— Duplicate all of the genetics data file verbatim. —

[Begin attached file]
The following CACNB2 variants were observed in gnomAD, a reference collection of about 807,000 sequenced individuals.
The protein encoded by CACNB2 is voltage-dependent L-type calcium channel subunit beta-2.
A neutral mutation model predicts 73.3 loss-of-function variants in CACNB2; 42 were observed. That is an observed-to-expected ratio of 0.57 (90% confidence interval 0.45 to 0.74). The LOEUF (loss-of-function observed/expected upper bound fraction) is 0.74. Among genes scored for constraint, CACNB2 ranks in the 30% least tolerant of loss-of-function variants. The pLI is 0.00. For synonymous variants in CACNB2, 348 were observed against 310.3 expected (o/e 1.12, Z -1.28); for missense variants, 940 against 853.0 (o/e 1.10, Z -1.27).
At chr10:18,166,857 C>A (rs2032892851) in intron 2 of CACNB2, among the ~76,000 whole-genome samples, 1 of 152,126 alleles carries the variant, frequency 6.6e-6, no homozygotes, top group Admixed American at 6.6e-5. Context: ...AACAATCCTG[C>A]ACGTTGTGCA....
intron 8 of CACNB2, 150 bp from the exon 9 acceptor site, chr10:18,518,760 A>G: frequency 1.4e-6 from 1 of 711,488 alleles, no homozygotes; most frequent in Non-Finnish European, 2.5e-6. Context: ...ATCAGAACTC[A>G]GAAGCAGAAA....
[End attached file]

The following CACNB2 variants were observed in gnomAD, a reference collection of about 807,000 sequenced individuals.
The protein encoded by CACNB2 is voltage-dependent L-type calcium channel subunit beta-2.
A neutral mutation model predicts 73.3 loss-of-function variants in CACNB2; 42 were observed. That is an observed-to-expected ratio of 0.57 (90% confidence interval 0.45 to 0.74). The LOEUF (loss-of-function observed/expected upper bound fraction) is 0.74. Among genes scored for constraint, CACNB2 ranks in the 30% least tolerant of loss-of-function variants. The pLI is 0.00. For synonymous variants in CACNB2, 348 were observed against 310.3 expected (o/e 1.12, Z -1.28); for missense variants, 940 against 853.0 (o/e 1.10, Z -1.27).
At chr10:18,166,857 C>A (rs2032892851) in intron 2 of CACNB2, among the ~76,000 whole-genome samples, 1 of 152,126 alleles carries the variant, frequency 6.6e-6, no homozygotes, top group Admixed American at 6.6e-5. Context: ...AACAATCCTG[C>A]ACGTTGTGCA....
intron 8 of CACNB2, 150 bp from the exon 9 acceptor site, chr10:18,518,760 A>G: frequency 1.4e-6 from 1 of 711,488 alleles, no homozygotes; most frequent in Non-Finnish European, 2.5e-6. Context: ...ATCAGAACTC[A>G]GAAGCAGAAA....